On Friday, Governor Sarah Sanders announced she was calling a special session of the Arkansas legislature to consider, among other things, additional income tax cuts. This is welcome news for Arkansas workers, small business owners, and those struggling to make ends meet in the Biden economy.
Opportunity Arkansas has been on the record in support of a special session since the fiscal year ended at the end of June and it was announced that Arkansas would have yet another $1 billion-plus surplus.
But within mere moments of the governor’s announcement, the radical Left went right to work, misleading the public about what the governor's tax plan will do and resorting to tired talking points about “tax cuts for the rich.” These mistruths simply cannot go unaddressed, so please allow us to set the record straight.
(Today, we’ll share the truth about the proposed personal income tax cuts. Tomorrow, we’ll tackle the small business tax cut myths.)
First, let’s lay some groundwork. Here’s the skinny on the tax cut package that’s being proposed, which has been filed as HB1007 / SB8:
Now, according to the Left, these are nothing more than tax cuts “for the rich.” But there’s a lot they’re not telling you, including the fact that many Arkansas families who are in poverty are taxed at the highest rate.
Much of the noise around Arkansas’s next round of income tax cuts has revolved around the fact that the cuts will apply to the state’s highest personal income tax bracket. The opposition simply says “highest” or “top” bracket, giving the impression that the tax cut is only for “the rich.” Or, in some cases, they just outright say that these are “tax cuts for the rich.”
These claims, quite simply, are false: what the loud opponents of commonsense tax relief are not telling you is that Arkansas’s top personal income tax rate kicks in at just $24,300.
Sure, that tax bracket also includes folks earning much more than that, but where it begins is a significant factor that is being very conveniently overlooked.
These numbers should also be considered in context:
So why does the Left continue to mislead the public and insist that the proposed tax cuts are “for the rich”? Do they really believe Arkansas families earning $25,000 per year are “rich”? Do they really want them to pay higher taxes? We don’t.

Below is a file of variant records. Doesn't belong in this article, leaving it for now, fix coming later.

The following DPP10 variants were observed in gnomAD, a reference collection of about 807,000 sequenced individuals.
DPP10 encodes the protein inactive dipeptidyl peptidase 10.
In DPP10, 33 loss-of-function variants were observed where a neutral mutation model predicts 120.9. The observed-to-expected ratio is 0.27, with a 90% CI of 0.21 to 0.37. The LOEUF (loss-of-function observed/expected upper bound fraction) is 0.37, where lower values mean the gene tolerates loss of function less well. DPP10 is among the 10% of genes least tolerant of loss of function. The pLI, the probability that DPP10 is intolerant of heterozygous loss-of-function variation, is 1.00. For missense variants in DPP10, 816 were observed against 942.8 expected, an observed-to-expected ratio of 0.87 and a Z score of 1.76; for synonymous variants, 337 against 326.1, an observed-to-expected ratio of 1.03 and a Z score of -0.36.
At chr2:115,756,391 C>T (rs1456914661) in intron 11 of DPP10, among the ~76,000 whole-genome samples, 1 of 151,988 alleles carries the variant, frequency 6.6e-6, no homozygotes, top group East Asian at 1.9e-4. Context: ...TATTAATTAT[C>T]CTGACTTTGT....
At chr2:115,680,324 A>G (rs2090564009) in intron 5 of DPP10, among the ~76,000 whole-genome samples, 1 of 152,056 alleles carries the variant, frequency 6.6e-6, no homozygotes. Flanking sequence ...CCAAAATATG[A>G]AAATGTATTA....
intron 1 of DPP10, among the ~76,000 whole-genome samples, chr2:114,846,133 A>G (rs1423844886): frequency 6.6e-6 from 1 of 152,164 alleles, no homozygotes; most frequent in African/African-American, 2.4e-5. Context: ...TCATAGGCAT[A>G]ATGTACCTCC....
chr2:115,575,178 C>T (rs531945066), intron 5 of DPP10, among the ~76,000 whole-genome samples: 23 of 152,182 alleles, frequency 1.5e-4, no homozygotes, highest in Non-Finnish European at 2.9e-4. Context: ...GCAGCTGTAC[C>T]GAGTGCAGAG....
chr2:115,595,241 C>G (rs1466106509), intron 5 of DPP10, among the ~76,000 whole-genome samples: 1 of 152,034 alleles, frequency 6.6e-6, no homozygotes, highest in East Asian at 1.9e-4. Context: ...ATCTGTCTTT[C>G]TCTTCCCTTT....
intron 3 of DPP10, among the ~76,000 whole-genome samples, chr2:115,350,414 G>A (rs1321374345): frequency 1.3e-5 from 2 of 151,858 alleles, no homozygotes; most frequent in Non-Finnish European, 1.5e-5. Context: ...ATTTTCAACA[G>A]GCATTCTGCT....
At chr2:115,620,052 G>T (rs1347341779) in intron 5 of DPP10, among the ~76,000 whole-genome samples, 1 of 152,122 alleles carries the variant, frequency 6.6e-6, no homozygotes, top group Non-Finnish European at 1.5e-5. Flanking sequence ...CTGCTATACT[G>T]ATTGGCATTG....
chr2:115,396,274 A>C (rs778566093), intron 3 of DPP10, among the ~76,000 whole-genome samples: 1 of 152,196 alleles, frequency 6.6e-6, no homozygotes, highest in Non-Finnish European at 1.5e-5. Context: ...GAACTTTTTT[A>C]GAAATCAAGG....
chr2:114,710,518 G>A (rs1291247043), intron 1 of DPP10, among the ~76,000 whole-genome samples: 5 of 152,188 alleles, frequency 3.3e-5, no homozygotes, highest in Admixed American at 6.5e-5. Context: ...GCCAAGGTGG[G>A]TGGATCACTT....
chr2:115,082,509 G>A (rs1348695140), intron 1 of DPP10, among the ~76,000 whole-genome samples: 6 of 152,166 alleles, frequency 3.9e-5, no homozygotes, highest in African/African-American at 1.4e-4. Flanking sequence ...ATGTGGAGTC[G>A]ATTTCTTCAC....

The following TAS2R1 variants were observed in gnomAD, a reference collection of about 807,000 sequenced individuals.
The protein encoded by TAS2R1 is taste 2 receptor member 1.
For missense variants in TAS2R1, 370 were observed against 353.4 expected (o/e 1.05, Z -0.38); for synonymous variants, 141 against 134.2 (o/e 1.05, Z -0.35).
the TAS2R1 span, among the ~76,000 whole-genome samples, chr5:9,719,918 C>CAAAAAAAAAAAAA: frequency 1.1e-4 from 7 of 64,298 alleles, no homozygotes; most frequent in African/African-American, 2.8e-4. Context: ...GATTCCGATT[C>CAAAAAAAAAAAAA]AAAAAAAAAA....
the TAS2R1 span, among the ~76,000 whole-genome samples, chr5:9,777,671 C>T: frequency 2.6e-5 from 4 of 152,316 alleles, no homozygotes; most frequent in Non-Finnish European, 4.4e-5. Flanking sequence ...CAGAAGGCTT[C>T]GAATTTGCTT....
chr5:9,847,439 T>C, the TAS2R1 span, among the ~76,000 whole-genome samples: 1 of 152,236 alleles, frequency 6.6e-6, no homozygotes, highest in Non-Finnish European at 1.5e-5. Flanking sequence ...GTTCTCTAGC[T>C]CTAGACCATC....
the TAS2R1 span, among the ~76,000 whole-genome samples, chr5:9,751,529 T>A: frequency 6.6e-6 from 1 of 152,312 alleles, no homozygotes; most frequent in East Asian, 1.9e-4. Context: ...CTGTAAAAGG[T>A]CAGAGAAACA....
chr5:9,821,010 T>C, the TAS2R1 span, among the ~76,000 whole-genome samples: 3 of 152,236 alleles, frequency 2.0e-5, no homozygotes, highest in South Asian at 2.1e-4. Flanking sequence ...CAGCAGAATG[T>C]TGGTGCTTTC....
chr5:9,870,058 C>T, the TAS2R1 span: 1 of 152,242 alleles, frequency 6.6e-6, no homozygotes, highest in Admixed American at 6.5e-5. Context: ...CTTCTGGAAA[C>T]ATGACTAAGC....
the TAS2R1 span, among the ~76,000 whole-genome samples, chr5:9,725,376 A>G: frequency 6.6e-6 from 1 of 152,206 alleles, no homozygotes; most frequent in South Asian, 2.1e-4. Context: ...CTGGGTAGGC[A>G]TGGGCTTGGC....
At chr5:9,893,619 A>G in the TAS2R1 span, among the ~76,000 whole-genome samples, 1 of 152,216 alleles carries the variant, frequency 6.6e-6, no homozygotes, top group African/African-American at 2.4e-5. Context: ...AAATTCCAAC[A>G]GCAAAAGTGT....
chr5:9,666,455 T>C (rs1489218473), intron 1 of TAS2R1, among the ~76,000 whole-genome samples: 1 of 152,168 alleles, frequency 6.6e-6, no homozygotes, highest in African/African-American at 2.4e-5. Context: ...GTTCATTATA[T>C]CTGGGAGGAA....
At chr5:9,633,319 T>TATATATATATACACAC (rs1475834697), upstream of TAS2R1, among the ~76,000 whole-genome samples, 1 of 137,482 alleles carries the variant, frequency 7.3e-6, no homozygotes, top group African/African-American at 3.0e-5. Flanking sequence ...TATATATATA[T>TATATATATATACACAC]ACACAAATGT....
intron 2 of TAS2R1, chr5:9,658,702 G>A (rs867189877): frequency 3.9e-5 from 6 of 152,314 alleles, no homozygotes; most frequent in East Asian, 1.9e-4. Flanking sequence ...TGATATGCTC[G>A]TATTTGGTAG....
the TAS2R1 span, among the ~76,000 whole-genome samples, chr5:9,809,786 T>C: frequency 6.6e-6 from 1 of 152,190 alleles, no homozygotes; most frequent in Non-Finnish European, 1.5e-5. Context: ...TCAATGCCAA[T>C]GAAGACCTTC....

In reality, there are thousands of middle class Arkansans who will benefit from the proposed tax cuts, many of whom own small businesses or are struggling to make ends meet right now. Instead of gaslighting, the Left should be celebrating this fact.
Opponents of commonsense tax relief would also have you believe that the proposed tax cuts come at the cost of the poor, or that they’re somehow tilting the scales in favor of “the wealthy.”
But in reality, the very poorest Arkansans already pay nothing or next-to-nothing in state income taxes.
Meanwhile, Arkansans who the Left calls "the rich"? They already pay more than their "fair" share of taxes.
Another conveniently overlooked fact about the current tax code in Arkansas is that “the rich” – a.k.a. those in the highest tax bracket – already pay a higher rate on most of their earnings than most Arkansans do. And, to make matters worse, they pay a higher rate on more of their money than other Arkansans do.
Because of the way the tax brackets are structured, high-income Arkansans hit the top income tax rate much more quickly than low-income Arkansans. As a result, much more of their income is taxed at the highest rate.
In fact, an Arkansan earning $25,000 will pay the top rate on less than three percent of their income. But an Arkansan earning ten times that – $250,000 – will pay the top rate on nearly 97 percent of their income.
That’s because “high income” Arkansans (which starts at just $24,300) are in the highest tax bracket, while lower earners have much of their income exempted from any tax, and pay a lower rate on the rest.
Quite simply, so-called “rich” Arkansans who are in the highest tax bracket pay a higher rate on more of their money than the rest of Arkansans. That strikes me as much more unfair than the reforms being currently proposed. In fact, the proposed changes will make Arkansas’s tax code more fair, not less.
The latest proposed tax cuts are good news for all Arkansans. They will move us even closer to eliminating the state income tax altogether, which is good for every single Arkansan. It will mean more good-paying jobs, relief for small businesses, and help for struggling Arkansas families.
Not only does Arkansas's income tax inherently punish hard work, but it's also full of tax cliffs that punish workers for bettering themselves: earning slightly more can subject Arkansas workers to higher marginal tax rates.
This is wrong. It’s a tax on hard work. And it’s prolonging generational poverty and dependency for our neighbors, those we should be trying to help.
We are are also surrounded by two states (Tennessee & Texas) that have no personal income taxes. Our work-punishing income tax makes us less competitive and hurts our ability to recruit good-paying jobs.
Ultimately, the quicker we can get to zero income tax, the better. That's, by far, the best thing we can do to help Arkansans climb out of poverty, help them make ends meet, and create better lives for themselves and their families.
Thankfully, this latest tax reform proposal is another great step in that direction.